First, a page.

Literary Matters 10.3 (2018).




Before dawn even, zipping past the exit

to Myrtle Beach … That’s where my girlfriend was

who had a summer job there singing.

But I was heading north

to see Janet. Hot and muggy, the weather

changed at Richmond to rainy,

not with a torrent of blades but a drizzle of pins,

and chilly. I had to borrow a flannel shirt

from Janet—a man’s, which fit me. Janet was renting,

along with her college roommate

and one other girl, a townhouse in Georgetown.

Sometimes, while they were at work,

I’d venture afield to a gallery,

Corcoran, Phillips; mostly I browsed

the neighborhood bookstores and otherwise loitered.

I had to ask the girls, because I was getting

so many probing looks from guys,

if maybe I had an effeminate manner.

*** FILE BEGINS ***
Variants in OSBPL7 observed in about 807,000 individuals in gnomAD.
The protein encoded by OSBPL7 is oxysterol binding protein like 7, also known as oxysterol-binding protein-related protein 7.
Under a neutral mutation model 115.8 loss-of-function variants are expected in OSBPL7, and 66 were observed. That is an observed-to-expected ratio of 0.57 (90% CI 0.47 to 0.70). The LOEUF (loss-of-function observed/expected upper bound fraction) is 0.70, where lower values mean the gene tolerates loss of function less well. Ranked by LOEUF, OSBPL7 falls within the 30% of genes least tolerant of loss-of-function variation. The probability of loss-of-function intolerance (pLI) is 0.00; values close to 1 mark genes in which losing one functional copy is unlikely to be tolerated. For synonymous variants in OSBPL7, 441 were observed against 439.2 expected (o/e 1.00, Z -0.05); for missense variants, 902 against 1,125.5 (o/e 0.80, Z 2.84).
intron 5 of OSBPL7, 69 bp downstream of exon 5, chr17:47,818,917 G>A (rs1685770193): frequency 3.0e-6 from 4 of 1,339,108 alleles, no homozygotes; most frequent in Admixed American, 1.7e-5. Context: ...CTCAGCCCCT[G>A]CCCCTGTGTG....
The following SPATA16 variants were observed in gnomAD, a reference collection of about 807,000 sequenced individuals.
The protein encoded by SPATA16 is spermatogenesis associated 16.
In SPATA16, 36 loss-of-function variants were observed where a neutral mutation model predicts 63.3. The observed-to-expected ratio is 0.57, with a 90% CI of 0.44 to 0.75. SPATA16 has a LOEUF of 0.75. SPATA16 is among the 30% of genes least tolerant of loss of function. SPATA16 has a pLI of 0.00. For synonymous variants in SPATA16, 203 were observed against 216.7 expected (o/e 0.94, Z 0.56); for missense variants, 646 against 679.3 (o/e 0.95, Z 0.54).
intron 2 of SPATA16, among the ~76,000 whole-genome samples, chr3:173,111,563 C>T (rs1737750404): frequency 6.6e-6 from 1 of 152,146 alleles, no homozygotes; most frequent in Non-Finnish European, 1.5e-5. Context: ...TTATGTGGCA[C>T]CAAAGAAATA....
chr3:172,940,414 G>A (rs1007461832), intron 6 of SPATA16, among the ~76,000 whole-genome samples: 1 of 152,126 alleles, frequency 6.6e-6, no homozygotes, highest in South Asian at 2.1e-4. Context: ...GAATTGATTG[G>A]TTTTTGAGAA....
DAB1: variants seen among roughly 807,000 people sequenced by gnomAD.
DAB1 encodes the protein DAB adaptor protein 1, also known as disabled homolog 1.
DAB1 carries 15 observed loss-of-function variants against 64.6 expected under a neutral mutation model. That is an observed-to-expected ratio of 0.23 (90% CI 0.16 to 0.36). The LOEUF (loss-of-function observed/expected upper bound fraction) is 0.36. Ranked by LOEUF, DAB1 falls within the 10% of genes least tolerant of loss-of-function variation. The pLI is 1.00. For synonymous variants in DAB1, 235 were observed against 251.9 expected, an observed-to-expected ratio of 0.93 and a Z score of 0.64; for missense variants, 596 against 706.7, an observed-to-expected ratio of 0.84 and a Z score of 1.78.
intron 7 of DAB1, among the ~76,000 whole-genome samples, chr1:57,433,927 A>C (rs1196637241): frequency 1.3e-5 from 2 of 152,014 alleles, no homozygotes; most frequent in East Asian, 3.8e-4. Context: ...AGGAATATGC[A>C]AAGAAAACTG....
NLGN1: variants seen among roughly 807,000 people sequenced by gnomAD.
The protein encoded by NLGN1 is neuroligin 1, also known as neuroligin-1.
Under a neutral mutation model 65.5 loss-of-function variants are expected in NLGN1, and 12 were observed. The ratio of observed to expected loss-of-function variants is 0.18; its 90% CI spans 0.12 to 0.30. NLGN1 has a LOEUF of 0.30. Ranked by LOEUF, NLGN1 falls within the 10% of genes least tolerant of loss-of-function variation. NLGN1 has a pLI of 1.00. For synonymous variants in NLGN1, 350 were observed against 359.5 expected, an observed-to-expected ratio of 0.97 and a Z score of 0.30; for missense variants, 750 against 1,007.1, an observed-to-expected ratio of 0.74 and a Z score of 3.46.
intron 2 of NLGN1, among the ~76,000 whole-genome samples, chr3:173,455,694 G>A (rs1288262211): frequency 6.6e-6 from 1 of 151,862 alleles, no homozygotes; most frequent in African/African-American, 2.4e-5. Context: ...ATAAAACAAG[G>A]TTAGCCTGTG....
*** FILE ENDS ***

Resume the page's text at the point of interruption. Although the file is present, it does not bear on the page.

“You have,” she said, the matronly one whose name

escapes me, “just a nice face.” I slept

on the living-room sofa. Sunburned, itching like mad,

I’d scroll the peeling skin off my shoulders

and roll it into a little ball,

then flick it. Overhead, the women

were getting ready for bed, their heels

conveying thunder while I read by lamplight

a poem in Harper’s by Robert Penn Warren,

whom Janet and I and her housemate Felicia had met:

“A Problem of Spatial Composition,”

in which a hawk, like something divine,

unseen above a window-framed vista

composed of a stone scarp and forest,

at sunset enters the frame as if from forever

only to go “in an eyeblink.” My wife,

who was then my girlfriend, who sang at the beach

where noontide had blistered my shoulders—

my wife says it’s all about sex. Not Warren’s poem,

this story of mine. The thunder, having slung

flimsy bras across the shower rod,

puts up its feet—the women, nesting. Molting,

I clasp the neck of that shirt, whoever’s it is,

which I’ll shake out in the morning.

The weather whistles past windowsills

and under the door, and though it sings

like blades’ cold steel, I picture

within the lamplight’s moon on the ceiling

a hawk whose shrills are high noon’s killing rays.